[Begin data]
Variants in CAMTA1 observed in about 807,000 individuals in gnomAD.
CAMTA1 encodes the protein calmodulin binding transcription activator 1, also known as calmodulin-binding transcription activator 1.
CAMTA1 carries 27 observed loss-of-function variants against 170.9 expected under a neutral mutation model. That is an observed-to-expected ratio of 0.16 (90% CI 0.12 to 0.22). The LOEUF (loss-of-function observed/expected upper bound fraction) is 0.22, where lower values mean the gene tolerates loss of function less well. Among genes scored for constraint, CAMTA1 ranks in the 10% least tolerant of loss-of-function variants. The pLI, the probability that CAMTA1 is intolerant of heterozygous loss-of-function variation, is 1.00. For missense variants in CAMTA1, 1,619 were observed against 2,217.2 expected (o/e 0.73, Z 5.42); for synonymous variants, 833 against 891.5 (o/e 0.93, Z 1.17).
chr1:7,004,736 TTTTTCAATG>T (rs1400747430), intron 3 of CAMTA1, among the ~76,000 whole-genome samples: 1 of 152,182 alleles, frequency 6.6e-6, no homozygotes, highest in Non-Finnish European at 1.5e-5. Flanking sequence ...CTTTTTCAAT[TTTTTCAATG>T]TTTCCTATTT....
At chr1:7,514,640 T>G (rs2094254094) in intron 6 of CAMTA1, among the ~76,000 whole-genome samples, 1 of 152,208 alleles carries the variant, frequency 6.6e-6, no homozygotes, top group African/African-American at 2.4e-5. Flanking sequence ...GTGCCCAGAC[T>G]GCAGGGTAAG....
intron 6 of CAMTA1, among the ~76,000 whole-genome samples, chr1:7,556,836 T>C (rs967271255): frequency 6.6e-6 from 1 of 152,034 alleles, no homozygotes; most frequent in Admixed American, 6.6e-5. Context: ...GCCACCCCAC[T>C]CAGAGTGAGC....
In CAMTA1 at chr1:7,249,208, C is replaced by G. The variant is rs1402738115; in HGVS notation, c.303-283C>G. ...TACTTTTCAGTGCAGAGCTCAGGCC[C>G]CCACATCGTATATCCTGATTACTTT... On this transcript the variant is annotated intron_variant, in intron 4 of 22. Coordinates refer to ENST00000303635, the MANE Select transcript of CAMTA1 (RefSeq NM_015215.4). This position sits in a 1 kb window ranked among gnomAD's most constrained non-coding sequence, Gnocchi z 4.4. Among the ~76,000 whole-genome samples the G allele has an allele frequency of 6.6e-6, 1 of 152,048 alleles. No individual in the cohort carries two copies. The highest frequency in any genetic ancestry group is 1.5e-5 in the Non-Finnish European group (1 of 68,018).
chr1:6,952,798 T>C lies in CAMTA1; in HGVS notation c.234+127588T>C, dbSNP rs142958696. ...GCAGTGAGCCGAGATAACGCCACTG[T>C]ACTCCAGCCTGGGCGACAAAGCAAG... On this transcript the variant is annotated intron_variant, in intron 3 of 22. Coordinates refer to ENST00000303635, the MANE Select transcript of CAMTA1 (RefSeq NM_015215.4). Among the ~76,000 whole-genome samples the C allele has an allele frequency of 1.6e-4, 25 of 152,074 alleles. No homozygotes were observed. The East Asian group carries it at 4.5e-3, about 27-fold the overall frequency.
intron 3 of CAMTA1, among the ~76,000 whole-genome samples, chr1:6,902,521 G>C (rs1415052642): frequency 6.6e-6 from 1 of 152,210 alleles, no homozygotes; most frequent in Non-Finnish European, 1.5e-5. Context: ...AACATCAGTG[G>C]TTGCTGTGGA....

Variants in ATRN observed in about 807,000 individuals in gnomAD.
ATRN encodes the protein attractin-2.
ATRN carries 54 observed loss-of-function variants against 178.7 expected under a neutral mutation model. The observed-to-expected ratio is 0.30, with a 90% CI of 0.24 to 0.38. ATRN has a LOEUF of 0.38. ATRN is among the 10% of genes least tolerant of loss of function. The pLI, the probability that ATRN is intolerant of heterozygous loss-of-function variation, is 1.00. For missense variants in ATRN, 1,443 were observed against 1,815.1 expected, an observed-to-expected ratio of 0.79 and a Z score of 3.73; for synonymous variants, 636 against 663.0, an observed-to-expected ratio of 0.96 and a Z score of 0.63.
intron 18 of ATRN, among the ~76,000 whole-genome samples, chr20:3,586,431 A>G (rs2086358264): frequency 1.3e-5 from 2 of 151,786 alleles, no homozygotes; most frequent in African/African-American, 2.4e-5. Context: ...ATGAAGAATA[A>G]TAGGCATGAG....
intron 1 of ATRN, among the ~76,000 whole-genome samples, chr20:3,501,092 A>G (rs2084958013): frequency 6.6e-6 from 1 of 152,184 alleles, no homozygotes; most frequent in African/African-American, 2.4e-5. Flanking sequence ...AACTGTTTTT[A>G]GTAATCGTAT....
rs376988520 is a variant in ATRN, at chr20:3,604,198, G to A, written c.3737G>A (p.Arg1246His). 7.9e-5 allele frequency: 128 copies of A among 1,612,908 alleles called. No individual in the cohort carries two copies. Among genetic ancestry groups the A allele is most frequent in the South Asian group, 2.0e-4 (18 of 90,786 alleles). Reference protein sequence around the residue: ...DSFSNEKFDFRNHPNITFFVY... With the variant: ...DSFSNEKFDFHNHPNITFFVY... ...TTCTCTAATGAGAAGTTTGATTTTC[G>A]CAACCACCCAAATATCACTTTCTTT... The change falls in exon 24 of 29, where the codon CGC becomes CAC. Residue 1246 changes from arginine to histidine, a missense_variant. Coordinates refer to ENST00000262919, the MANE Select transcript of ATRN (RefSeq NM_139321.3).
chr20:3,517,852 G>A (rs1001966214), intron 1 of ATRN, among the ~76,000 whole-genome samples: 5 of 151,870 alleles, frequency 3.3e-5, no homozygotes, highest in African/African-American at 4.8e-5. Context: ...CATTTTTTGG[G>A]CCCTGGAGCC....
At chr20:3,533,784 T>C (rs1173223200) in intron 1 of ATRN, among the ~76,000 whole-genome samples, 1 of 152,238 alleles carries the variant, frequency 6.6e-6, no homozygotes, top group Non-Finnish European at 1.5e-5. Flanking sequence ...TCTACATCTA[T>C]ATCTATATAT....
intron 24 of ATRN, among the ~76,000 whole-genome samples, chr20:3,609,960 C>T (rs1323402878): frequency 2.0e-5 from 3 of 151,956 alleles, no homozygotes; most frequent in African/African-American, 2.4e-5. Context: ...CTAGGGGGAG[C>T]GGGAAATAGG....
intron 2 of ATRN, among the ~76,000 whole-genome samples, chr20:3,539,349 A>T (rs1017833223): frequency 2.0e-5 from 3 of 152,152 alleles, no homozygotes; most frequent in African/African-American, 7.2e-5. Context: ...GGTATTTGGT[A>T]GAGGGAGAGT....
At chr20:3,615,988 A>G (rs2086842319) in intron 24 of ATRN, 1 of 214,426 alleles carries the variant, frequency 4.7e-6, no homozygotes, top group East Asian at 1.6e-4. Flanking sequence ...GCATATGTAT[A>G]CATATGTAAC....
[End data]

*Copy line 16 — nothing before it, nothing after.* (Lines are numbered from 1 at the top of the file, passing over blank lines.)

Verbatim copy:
chr20:3,517,852 G>A (rs1001966214), intron 1 of ATRN, among the ~76,000 whole-genome samples: 5 of 151,870 alleles, frequency 3.3e-5, no homozygotes, highest in African/African-American at 4.8e-5. Context: ...CATTTTTTGG[G>A]CCCTGGAGCC....